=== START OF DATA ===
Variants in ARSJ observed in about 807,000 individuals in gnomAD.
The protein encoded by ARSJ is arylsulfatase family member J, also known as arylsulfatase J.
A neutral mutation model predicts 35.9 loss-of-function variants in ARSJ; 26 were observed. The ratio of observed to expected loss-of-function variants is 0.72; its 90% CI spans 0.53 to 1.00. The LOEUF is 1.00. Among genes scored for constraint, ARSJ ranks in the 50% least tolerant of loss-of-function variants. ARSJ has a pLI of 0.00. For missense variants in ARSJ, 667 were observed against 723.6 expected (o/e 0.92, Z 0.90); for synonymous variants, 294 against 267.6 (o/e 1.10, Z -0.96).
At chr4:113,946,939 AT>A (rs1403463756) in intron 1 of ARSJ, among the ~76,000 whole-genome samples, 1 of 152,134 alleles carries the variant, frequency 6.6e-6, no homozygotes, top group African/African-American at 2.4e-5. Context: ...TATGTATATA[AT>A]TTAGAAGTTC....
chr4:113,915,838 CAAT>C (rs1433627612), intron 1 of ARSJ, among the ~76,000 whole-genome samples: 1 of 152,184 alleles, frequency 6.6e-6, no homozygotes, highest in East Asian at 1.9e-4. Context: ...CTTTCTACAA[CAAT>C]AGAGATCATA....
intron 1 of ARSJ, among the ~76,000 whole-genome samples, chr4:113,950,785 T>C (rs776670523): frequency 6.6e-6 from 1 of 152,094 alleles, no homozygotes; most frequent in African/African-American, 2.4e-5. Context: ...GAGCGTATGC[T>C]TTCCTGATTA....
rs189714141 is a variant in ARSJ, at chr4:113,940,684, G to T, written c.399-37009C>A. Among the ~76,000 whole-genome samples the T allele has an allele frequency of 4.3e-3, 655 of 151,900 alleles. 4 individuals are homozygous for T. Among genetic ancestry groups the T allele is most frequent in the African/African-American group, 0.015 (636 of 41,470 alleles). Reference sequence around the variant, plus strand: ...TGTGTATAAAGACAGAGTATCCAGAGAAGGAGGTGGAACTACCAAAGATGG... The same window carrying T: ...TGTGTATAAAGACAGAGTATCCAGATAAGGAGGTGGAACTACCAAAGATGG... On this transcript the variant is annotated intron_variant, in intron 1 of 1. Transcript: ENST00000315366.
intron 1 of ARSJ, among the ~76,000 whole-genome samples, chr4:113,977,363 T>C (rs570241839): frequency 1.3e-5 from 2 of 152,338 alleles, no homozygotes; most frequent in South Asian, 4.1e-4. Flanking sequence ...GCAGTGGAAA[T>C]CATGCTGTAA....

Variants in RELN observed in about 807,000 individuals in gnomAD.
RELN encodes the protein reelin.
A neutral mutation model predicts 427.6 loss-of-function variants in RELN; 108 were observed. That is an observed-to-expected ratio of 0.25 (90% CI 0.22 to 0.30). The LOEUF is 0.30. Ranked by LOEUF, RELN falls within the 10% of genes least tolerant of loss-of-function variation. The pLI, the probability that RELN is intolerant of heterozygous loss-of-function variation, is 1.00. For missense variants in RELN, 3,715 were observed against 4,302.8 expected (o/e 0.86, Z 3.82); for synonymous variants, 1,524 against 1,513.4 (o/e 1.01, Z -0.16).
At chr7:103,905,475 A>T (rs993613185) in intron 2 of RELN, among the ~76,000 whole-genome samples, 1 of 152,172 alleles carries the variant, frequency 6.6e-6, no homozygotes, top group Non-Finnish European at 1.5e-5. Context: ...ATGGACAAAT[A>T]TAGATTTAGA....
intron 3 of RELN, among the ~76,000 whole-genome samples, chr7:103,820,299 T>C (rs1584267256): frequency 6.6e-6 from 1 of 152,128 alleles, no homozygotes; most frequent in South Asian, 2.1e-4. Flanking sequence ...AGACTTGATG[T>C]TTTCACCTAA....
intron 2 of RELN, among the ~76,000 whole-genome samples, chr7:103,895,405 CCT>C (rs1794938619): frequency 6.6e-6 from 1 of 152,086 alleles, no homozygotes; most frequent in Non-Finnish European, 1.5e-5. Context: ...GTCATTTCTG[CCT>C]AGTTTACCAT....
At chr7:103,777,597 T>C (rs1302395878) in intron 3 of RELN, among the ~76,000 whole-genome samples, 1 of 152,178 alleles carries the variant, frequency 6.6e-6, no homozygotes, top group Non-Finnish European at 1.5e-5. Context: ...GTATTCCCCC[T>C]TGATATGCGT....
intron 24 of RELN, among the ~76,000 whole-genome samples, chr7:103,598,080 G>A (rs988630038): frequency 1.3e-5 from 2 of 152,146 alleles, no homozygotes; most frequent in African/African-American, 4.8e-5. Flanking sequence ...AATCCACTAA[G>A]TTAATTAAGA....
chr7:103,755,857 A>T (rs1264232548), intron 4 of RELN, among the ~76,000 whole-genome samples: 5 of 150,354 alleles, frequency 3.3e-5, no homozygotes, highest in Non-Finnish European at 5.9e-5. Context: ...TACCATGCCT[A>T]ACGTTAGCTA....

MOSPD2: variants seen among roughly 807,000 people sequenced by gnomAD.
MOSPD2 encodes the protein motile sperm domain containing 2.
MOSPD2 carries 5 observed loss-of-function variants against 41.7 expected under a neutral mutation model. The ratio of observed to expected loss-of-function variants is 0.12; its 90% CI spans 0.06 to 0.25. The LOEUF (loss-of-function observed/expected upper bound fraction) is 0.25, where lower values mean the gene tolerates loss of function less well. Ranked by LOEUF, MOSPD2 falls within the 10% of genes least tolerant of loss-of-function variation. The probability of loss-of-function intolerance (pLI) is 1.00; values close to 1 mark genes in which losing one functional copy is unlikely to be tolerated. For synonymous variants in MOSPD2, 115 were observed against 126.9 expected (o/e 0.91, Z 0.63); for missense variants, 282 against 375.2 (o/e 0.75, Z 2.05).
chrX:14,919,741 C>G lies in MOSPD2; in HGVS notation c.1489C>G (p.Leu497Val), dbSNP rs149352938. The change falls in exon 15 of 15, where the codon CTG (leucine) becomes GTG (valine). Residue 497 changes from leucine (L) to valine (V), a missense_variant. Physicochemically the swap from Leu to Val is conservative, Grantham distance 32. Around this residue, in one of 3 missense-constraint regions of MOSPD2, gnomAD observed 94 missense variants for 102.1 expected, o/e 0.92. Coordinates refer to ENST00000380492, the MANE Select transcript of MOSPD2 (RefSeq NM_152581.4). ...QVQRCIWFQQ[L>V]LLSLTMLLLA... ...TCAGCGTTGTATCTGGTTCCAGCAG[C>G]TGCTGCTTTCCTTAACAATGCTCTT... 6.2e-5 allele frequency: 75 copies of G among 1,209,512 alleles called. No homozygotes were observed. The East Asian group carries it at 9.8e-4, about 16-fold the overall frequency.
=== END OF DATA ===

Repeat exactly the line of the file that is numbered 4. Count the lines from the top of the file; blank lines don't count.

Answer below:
At chr4:113,946,939 AT>A (rs1403463756) in intron 1 of ARSJ, among the ~76,000 whole-genome samples, 1 of 152,134 alleles carries the variant, frequency 6.6e-6, no homozygotes, top group African/African-American at 2.4e-5. Context: ...TATGTATATA[AT>A]TTAGAAGTTC....